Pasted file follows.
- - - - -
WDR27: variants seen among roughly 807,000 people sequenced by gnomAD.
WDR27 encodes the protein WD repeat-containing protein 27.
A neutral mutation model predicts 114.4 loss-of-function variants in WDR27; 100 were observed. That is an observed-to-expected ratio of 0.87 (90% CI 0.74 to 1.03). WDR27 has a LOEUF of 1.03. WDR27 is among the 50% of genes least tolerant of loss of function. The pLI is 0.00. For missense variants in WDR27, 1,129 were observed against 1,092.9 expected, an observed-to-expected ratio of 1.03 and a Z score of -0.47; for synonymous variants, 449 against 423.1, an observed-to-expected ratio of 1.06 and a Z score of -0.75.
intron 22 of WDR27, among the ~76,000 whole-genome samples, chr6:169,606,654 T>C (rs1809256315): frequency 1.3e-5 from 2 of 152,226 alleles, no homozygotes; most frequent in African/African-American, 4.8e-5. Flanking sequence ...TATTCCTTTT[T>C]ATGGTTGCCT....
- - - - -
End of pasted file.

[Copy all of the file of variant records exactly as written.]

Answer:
WDR27: variants seen among roughly 807,000 people sequenced by gnomAD.
WDR27 encodes the protein WD repeat-containing protein 27.
A neutral mutation model predicts 114.4 loss-of-function variants in WDR27; 100 were observed. That is an observed-to-expected ratio of 0.87 (90% CI 0.74 to 1.03). WDR27 has a LOEUF of 1.03. WDR27 is among the 50% of genes least tolerant of loss of function. The pLI is 0.00. For missense variants in WDR27, 1,129 were observed against 1,092.9 expected, an observed-to-expected ratio of 1.03 and a Z score of -0.47; for synonymous variants, 449 against 423.1, an observed-to-expected ratio of 1.06 and a Z score of -0.75.
intron 22 of WDR27, among the ~76,000 whole-genome samples, chr6:169,606,654 T>C (rs1809256315): frequency 1.3e-5 from 2 of 152,226 alleles, no homozygotes; most frequent in African/African-American, 4.8e-5. Flanking sequence ...TATTCCTTTT[T>C]ATGGTTGCCT....